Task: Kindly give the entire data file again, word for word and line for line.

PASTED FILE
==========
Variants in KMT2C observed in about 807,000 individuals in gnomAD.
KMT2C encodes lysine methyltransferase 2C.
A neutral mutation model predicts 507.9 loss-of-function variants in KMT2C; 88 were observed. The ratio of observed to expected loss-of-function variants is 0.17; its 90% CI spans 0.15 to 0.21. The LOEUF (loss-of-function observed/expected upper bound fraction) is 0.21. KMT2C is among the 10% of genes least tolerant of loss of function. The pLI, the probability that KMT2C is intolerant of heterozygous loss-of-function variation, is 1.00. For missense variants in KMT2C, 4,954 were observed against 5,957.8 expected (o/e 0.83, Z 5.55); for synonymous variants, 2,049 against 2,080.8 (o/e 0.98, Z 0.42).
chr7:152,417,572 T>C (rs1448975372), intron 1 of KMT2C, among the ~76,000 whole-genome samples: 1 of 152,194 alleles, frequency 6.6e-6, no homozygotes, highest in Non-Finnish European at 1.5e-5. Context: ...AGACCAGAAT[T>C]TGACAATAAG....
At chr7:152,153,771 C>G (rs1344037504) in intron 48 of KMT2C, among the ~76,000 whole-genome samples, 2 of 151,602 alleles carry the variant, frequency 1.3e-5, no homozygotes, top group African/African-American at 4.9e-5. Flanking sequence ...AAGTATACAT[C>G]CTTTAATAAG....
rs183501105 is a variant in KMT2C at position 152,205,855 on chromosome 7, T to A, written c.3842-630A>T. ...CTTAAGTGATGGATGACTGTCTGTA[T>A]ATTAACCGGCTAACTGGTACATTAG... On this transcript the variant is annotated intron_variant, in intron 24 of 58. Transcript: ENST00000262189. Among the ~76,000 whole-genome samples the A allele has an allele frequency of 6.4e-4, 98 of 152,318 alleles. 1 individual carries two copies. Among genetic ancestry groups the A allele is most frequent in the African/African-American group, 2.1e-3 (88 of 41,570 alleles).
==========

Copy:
Variants in KMT2C observed in about 807,000 individuals in gnomAD.
KMT2C encodes lysine methyltransferase 2C.
A neutral mutation model predicts 507.9 loss-of-function variants in KMT2C; 88 were observed. The ratio of observed to expected loss-of-function variants is 0.17; its 90% CI spans 0.15 to 0.21. The LOEUF (loss-of-function observed/expected upper bound fraction) is 0.21. KMT2C is among the 10% of genes least tolerant of loss of function. The pLI, the probability that KMT2C is intolerant of heterozygous loss-of-function variation, is 1.00. For missense variants in KMT2C, 4,954 were observed against 5,957.8 expected (o/e 0.83, Z 5.55); for synonymous variants, 2,049 against 2,080.8 (o/e 0.98, Z 0.42).
chr7:152,417,572 T>C (rs1448975372), intron 1 of KMT2C, among the ~76,000 whole-genome samples: 1 of 152,194 alleles, frequency 6.6e-6, no homozygotes, highest in Non-Finnish European at 1.5e-5. Context: ...AGACCAGAAT[T>C]TGACAATAAG....
At chr7:152,153,771 C>G (rs1344037504) in intron 48 of KMT2C, among the ~76,000 whole-genome samples, 2 of 151,602 alleles carry the variant, frequency 1.3e-5, no homozygotes, top group African/African-American at 4.9e-5. Flanking sequence ...AAGTATACAT[C>G]CTTTAATAAG....
rs183501105 is a variant in KMT2C at position 152,205,855 on chromosome 7, T to A, written c.3842-630A>T. ...CTTAAGTGATGGATGACTGTCTGTA[T>A]ATTAACCGGCTAACTGGTACATTAG... On this transcript the variant is annotated intron_variant, in intron 24 of 58. Transcript: ENST00000262189. Among the ~76,000 whole-genome samples the A allele has an allele frequency of 6.4e-4, 98 of 152,318 alleles. 1 individual carries two copies. Among genetic ancestry groups the A allele is most frequent in the African/African-American group, 2.1e-3 (88 of 41,570 alleles).